4. Create a Samba password
file based on the existing Linux password file (/etc/passwd). That
is, Samba has its own user/password file (/etc/samba/smbpasswd) in addition
to the one required for Linux. Yes, you have to do the following
or restricted connections to user home directories won't work. Click
the Terminal icon on the task bar at the bottom-left of the screen
to open the Terminal emulation program. Type the following at the
cat /etc/passwd | mksmbpasswd.sh > /etc/samba/smbpasswd
The preceding command does not copy the passwords. Manually
set each Samba user's (including pcguest) password with:
E.g., smbpasswd lbyard
And enter the password in the resulting window. Don't forget
root. That also activates the user's Samba account.
Type the following:
chmod 600 /etc/samba/smbpasswd
... to restrict read/write permission to root.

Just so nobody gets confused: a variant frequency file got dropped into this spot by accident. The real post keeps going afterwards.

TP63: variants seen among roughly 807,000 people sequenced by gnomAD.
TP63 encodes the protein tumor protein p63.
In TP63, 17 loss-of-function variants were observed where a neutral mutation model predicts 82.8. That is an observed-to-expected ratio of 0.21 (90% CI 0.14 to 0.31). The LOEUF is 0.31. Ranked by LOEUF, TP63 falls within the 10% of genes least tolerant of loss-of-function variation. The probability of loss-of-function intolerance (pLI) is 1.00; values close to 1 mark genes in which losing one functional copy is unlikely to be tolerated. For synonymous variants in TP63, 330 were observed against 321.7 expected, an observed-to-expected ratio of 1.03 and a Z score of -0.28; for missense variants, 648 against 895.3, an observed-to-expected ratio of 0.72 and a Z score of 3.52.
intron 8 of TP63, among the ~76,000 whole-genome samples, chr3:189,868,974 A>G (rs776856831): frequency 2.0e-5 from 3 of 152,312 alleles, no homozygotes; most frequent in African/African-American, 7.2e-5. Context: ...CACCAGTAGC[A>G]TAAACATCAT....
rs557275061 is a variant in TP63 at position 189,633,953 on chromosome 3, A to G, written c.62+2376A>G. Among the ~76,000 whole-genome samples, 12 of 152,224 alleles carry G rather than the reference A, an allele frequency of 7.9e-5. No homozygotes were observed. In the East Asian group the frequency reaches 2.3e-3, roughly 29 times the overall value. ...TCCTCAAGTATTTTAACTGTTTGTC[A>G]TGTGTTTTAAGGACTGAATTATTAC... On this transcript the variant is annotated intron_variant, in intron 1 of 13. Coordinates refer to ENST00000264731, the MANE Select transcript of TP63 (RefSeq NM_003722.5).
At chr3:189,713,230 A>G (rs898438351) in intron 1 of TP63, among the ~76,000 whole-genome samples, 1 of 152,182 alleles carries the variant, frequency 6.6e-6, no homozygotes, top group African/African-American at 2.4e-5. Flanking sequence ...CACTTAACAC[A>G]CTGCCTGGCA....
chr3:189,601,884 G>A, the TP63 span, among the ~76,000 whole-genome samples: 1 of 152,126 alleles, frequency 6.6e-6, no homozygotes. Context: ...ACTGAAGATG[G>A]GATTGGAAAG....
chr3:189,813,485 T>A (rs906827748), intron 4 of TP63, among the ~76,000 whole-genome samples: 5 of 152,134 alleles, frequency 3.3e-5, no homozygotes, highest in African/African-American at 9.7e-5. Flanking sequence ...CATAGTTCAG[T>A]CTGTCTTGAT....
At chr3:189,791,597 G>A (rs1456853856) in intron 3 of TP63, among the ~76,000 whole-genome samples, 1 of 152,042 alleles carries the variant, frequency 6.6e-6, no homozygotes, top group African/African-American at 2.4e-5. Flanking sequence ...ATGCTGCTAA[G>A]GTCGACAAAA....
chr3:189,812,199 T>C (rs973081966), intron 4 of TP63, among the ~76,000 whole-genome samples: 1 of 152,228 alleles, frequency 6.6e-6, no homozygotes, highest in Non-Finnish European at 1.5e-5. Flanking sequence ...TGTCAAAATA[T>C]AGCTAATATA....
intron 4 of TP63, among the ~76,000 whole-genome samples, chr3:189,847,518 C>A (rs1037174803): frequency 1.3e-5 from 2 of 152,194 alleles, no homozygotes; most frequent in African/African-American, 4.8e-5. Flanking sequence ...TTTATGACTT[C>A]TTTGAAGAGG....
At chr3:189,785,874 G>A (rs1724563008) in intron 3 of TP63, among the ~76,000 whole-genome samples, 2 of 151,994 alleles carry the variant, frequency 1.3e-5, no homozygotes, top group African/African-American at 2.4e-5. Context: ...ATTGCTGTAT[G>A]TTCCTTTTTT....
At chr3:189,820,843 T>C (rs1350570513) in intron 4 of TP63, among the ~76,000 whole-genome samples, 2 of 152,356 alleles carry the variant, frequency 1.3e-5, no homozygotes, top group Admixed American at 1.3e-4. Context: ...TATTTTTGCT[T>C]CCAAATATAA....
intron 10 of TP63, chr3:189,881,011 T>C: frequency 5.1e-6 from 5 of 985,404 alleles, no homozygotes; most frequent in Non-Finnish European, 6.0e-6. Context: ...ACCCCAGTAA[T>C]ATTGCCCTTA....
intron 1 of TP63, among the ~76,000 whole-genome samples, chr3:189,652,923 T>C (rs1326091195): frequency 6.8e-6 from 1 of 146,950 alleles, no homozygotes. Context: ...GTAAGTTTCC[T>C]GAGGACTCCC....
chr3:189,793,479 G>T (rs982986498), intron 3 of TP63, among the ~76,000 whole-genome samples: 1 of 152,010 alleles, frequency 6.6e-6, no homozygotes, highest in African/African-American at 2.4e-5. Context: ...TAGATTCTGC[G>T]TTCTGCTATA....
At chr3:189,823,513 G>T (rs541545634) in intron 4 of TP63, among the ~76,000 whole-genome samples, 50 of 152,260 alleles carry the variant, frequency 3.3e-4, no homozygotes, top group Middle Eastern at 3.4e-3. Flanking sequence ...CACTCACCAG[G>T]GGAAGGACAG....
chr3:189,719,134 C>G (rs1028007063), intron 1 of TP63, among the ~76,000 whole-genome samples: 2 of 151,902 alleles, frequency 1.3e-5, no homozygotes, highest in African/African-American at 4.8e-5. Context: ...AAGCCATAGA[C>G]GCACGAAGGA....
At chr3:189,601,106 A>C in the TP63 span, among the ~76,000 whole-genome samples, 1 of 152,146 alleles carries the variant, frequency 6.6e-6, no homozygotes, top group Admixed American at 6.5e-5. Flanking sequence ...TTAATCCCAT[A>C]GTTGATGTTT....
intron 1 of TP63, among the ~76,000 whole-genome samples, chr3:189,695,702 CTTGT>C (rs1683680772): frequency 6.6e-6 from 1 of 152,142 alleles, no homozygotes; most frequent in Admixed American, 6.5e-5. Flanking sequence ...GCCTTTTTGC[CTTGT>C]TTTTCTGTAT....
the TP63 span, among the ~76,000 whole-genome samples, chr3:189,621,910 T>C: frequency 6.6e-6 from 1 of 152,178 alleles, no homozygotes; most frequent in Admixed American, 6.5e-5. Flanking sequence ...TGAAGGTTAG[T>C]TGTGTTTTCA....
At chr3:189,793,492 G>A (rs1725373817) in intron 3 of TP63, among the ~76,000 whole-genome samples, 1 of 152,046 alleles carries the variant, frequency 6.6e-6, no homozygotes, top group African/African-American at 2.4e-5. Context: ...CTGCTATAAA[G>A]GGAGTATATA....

Once you have created an smbpassword file, use the smbpasswd
-a <username> command to add any new users to the file. The
command will not work until after you have created the smbpasswd file.
a shared folder for the LAN users. In gnome, click the root's
Home icon in the upper-left corner of the gnome desktop (or click Start,
Programs, Applications, Nautilus) to bring-up gnome's equivalent of the
Windows Explorer file manager. Click the up button in the
Nautilus menu to go to the root (/) directory/folder. Double-click
the "home" folder to open it. Click File in
the menu, select New Folder, and enter "shared" as
the folder name. Click the Permissions tab, change the File
Owner to pcguest, the File Group to pcguest, and check all
of the boxes to give the file a chmod "Number View" of 777.
Actually, the File Owner and Group do not have to be changed. You
can call this file whatever you want and put it elsewhere if desired. You
could use /home/pcquest for the shared directory. Or, omit it altogether
if you don't want a shared folder/directory.
the pdf version of this article
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